Alex marches down to the NYSE to demand some answers. Kidding. But this is what’s up with companies sprinting to go public.
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Alex Lieberman [00:00:13] What is up, everyone? This is Alex Lieberman, cofounder and CEO of Morning Brew. And this is Fresh Invest, your new favorite investing podcast sponsored by Fidelity Investments and powered by Morning Brew.
Alex [00:00:28] Here's what you can expect from Fresh Invest. Each week, I will dive into a massive business topic making headlines, and work through the impact that topic has on my portfolio. Fresh Invest is the jet fuel you need as a young investor. And today's topic is about as topical as it gets. We're talking IPOs and the current rush to take private companies public. We've been seeing them in the Brew's headlines almost daily. Some of them household names, others so obscure, we can almost hear the whoosh over our heads as they pass by. Dozens of companies across a myriad of industries are rushing to ring the IPO bell this year.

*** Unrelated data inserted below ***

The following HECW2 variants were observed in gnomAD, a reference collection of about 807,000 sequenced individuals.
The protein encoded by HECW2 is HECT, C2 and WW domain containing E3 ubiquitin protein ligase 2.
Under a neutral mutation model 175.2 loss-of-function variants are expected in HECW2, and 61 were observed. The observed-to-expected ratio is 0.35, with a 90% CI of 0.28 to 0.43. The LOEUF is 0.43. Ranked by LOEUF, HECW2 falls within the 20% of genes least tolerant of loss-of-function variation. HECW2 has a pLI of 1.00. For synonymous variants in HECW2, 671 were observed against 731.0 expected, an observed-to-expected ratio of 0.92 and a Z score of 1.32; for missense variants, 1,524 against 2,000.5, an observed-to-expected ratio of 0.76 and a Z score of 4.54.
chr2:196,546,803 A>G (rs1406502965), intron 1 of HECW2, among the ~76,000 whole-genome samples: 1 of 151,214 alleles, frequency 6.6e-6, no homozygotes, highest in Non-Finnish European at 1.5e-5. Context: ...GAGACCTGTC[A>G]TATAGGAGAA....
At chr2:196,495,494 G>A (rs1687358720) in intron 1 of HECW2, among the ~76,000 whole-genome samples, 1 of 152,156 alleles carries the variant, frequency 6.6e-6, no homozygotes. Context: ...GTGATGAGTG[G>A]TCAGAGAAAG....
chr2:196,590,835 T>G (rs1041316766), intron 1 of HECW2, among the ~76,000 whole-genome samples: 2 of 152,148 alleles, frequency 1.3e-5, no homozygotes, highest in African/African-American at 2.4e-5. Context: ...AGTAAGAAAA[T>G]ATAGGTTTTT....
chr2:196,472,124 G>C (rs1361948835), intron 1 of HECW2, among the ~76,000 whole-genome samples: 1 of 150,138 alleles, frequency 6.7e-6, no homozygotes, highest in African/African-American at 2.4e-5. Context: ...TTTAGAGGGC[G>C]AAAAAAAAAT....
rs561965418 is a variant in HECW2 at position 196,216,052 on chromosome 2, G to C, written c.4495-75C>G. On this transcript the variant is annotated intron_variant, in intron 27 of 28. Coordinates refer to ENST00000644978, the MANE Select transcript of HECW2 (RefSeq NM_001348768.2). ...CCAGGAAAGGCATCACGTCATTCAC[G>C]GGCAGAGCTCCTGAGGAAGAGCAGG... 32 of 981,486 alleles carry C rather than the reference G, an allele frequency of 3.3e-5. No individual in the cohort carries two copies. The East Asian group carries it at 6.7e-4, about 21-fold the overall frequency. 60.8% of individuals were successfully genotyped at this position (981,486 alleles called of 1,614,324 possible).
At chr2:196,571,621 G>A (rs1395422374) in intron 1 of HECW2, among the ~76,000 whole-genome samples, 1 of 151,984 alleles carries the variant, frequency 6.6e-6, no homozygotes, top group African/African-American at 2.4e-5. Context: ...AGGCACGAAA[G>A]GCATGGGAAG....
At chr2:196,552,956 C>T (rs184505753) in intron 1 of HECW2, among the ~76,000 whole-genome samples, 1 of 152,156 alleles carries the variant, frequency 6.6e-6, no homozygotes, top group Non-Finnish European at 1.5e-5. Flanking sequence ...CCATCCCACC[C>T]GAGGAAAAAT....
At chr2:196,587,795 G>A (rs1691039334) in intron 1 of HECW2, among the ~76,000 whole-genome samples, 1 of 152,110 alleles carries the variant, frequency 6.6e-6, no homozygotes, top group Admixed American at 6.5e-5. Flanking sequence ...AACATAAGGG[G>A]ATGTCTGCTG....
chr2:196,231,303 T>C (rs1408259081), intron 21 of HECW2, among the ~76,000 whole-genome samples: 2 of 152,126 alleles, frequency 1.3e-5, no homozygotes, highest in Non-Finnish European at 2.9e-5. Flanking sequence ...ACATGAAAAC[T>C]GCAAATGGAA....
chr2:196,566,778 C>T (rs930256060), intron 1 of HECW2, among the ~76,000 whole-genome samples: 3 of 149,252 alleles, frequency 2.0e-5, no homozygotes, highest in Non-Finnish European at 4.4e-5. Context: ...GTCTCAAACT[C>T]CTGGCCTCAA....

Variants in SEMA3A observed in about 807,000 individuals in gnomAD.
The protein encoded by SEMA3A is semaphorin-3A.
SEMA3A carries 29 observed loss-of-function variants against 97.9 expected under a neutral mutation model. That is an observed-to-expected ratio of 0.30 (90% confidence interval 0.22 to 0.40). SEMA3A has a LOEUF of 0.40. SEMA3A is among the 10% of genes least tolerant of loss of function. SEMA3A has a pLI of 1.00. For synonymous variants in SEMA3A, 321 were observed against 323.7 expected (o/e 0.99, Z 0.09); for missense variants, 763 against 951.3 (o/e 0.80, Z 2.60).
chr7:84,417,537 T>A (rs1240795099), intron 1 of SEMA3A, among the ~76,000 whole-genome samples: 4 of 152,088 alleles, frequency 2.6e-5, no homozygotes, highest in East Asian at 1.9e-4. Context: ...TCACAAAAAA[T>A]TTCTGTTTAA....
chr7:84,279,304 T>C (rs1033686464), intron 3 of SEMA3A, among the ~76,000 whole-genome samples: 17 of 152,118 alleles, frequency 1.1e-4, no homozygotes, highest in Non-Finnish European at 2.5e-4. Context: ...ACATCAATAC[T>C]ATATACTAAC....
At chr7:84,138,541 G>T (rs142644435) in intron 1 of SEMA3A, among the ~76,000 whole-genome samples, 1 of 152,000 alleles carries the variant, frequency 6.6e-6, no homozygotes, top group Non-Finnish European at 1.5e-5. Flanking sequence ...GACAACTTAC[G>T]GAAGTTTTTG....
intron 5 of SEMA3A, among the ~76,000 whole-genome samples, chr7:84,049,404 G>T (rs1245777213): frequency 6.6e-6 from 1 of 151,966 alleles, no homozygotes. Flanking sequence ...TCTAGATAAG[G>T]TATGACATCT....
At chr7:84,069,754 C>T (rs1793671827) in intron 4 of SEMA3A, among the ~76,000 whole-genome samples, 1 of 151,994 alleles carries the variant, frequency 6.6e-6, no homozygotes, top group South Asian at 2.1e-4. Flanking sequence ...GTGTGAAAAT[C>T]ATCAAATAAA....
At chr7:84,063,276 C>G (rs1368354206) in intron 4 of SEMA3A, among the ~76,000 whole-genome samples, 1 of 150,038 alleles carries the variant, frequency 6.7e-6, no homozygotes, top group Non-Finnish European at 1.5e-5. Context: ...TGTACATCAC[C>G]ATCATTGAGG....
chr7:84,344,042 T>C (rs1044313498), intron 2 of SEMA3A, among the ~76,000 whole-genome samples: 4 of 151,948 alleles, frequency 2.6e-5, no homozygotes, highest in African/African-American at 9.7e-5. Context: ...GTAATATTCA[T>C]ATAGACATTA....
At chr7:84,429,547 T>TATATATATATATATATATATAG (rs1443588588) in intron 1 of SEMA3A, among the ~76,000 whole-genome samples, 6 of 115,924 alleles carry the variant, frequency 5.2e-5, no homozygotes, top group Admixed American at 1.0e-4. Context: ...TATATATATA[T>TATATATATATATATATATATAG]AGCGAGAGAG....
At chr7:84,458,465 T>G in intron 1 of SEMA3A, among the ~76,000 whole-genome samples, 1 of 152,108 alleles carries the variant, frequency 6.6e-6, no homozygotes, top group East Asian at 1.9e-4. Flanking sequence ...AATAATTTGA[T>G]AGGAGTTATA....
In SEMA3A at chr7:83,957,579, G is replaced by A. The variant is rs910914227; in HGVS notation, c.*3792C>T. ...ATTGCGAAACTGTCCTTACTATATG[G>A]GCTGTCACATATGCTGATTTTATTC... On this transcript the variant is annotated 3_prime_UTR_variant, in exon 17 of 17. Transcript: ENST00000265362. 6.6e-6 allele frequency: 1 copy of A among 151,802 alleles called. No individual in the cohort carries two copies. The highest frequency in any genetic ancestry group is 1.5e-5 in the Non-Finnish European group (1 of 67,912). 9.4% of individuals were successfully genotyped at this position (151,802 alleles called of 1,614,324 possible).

Alex [00:01:08] And that begs an array of questions for young investors like myself, trying to understand what it all means for the market and how it impacts your decisions for your portfolio. How should I be thinking about Ant Group's record-breaking $300 billion listing talked about in a recent Brew? And, did it make sense to invest into the IPO for companies like Snowflake and Asana and Palantir? Or is it worth giving the shares some time to breathe?
Alex [00:01:35] At its core, I want to explore the intricacies of the IPO process, what happens leading up to it, and what to look out for in the days and months that immediately follow. I want to understand whether these IPOs are even an accessible investment for someone looking to get in, and if so, how to approach it altogether.